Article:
Opt-in Nursing Home Surveillance: Good Idea or Bad idea?

Surveillance Cameras. They’re everywhere. On the streets of our cities. In the stores where we shop. In the bars and restaurants that we frequent. Soon they’ll be on every police officer on his or her beat. Now, Assembly Speaker Prieto wants to put them in our nursing homes as well.

Today, the Assembly Health and Senior Services Committee moved Prieto’s bill (A3883) that would allow nursing home residents or their legally designated guardian to monitor the activities in the resident’s room using electronic surveillance. The idea is to reduce abuse and give family members peace of mind that their loved one is being cared for correctly.

The proposed bill contains some safeguards such as requiring permission of roommates for the installation of monitoring devices, and imposing civil penalties on anyone who abuses the recorded data.

At today’s hearing, most of the testimony came from representatives of organizations opposing the bill in its present form. Unions and nursing home management organizations brought up concerns about abuse of the data, potential HPPA violations, and the reluctance of nursing home staff to speak openly and frankly if they know their conversations are being recorded. On the other side, a lobbyist for AARP spoke in favor of the bill, saying it gives families a choice in how they can proceed with care for their loved ones.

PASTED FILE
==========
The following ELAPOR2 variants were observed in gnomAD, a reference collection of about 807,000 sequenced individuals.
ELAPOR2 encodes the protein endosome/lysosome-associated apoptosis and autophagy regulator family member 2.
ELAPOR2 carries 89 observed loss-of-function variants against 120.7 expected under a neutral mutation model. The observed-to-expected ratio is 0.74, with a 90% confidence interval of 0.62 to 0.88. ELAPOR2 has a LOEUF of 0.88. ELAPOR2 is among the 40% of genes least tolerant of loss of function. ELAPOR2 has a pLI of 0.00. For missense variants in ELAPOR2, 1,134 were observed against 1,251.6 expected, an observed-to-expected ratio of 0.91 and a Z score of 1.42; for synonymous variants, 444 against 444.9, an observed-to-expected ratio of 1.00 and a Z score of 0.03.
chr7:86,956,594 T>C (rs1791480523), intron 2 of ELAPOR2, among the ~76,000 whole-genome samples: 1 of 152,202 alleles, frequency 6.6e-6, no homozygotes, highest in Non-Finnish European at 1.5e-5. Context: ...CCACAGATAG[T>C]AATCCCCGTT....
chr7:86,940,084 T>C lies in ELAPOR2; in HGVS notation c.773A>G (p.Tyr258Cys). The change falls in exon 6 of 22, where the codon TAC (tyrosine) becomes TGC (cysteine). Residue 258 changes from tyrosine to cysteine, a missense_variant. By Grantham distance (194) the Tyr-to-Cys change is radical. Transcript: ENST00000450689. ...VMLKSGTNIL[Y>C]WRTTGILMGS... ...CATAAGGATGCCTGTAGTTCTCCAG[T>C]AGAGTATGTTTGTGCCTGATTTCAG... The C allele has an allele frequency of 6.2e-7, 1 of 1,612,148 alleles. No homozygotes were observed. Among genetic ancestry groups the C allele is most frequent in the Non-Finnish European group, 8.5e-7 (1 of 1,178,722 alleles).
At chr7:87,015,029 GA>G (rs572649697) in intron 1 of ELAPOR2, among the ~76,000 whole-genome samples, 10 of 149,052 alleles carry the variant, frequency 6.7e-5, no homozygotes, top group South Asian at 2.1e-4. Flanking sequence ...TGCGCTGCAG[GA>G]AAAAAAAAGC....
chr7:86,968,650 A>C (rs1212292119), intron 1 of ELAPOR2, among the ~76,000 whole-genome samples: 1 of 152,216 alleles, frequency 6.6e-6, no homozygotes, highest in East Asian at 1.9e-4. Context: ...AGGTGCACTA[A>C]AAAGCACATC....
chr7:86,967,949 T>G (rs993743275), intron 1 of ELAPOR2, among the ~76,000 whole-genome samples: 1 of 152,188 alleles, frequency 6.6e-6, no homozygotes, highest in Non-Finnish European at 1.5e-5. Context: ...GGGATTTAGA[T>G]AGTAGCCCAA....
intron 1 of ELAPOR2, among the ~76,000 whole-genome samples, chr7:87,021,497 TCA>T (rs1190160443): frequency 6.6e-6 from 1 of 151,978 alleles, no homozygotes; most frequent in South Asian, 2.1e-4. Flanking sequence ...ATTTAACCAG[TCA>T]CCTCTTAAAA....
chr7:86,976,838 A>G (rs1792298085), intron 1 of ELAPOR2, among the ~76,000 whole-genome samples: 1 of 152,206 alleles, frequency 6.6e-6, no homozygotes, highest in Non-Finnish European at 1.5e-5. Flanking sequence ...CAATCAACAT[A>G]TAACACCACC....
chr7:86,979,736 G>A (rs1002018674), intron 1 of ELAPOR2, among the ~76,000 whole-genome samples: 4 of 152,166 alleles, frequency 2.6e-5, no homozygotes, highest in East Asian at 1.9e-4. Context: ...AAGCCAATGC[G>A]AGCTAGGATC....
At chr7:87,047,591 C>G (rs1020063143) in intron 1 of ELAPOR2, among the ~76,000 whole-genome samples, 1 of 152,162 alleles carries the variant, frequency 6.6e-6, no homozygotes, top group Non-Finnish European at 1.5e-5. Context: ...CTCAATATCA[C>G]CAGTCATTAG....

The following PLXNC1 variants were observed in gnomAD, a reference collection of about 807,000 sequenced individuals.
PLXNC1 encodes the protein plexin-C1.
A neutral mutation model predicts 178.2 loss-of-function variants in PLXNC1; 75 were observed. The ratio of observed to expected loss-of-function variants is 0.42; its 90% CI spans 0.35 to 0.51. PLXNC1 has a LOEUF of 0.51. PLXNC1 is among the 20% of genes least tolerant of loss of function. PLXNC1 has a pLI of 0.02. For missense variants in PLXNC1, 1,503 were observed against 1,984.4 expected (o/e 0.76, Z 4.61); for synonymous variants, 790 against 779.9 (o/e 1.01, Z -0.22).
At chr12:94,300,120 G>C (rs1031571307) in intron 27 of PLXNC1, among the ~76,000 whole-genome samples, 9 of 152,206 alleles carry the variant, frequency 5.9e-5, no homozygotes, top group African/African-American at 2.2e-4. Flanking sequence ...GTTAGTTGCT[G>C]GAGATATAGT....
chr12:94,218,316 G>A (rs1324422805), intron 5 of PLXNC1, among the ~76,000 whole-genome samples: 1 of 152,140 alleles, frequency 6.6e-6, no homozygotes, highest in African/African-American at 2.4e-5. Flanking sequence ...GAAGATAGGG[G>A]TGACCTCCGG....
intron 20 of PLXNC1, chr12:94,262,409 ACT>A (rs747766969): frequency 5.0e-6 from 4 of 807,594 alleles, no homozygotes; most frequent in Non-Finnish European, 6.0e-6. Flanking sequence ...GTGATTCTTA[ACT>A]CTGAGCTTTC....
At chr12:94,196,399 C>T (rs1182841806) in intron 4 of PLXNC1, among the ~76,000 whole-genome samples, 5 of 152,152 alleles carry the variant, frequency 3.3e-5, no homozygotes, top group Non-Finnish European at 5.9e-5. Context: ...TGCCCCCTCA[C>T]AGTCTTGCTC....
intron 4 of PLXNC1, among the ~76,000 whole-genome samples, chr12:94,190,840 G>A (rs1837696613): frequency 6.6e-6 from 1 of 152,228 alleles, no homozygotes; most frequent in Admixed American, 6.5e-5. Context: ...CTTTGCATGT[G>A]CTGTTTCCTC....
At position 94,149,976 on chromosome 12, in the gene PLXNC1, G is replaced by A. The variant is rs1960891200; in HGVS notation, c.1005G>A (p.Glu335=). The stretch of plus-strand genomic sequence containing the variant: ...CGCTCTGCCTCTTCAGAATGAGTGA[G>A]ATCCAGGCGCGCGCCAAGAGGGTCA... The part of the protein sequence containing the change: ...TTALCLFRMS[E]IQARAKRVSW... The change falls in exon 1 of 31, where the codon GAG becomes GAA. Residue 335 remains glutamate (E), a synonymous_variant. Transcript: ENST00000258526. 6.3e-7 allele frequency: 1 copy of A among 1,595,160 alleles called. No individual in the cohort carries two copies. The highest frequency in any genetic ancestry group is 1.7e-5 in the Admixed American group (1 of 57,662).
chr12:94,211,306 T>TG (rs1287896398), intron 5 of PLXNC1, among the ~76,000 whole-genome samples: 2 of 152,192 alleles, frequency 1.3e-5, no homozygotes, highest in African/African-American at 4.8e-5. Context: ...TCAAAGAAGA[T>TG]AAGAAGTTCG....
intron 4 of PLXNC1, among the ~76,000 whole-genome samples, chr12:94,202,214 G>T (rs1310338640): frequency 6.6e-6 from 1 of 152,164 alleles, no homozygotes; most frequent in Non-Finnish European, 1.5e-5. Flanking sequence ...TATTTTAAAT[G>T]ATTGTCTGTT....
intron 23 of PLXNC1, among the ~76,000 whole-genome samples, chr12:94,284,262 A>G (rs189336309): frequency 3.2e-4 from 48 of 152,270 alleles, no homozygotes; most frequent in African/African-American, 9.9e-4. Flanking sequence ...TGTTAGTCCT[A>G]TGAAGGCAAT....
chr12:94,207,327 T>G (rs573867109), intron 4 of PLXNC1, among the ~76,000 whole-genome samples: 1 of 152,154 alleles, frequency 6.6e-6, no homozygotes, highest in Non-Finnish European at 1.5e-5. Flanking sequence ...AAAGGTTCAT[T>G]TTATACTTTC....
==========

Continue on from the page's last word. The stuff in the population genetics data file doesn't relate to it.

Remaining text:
Although the bill passed the committee on party lines (Democrats for it, Republicans against), the Democrats indicated there needed to be some tweaks to the bill before it is brought to the full Assembly. The Republicans felt the bill was unnecessary and would prefer to let market forces weed out potential abuse, but said they were willing to work toward a bill that would be more palatable to them.

Currently, four states (NM, OK, TX, and WA) allow residents to opt-in to video surveillance in their rooms, with similar bills under consideration in other states.

Is the potential misuse of some very personal video worth the assurance of abuse-free care? If this bill is passed, does it lead us down the road to allowing patients to opt for video surveillance in their doctors’ office or other very private venues? What do you think?

Comments (3)

  1. Rosi Efthim

    I’d have to give this some more thought, and I’d be interested in more specific abuses that opposition can cite. But I think in matters of safety, and fair and healthy treatment of a vulnerable population, I’m in favor of safeguards for that population.

    If there are states with this kind of legislation in place, I would think unions and others against it would be able to point to very specific incidents of abuse of the resulting data, images etc.

    The “let market forces decide” argument leaves me cold. The marketplace is full of nursing homes that don’t treat their charges well, and families often don’t find that out until it’s too late. If ever there was an industry where oversight – even literal oversight with cameras – is worth considering, it’s that which cares for fragile elders.  

  2. dbkurz415

    Using the same logic as this bill, could the legislature then demand that parents receive live feed from their children’s classrooms?  


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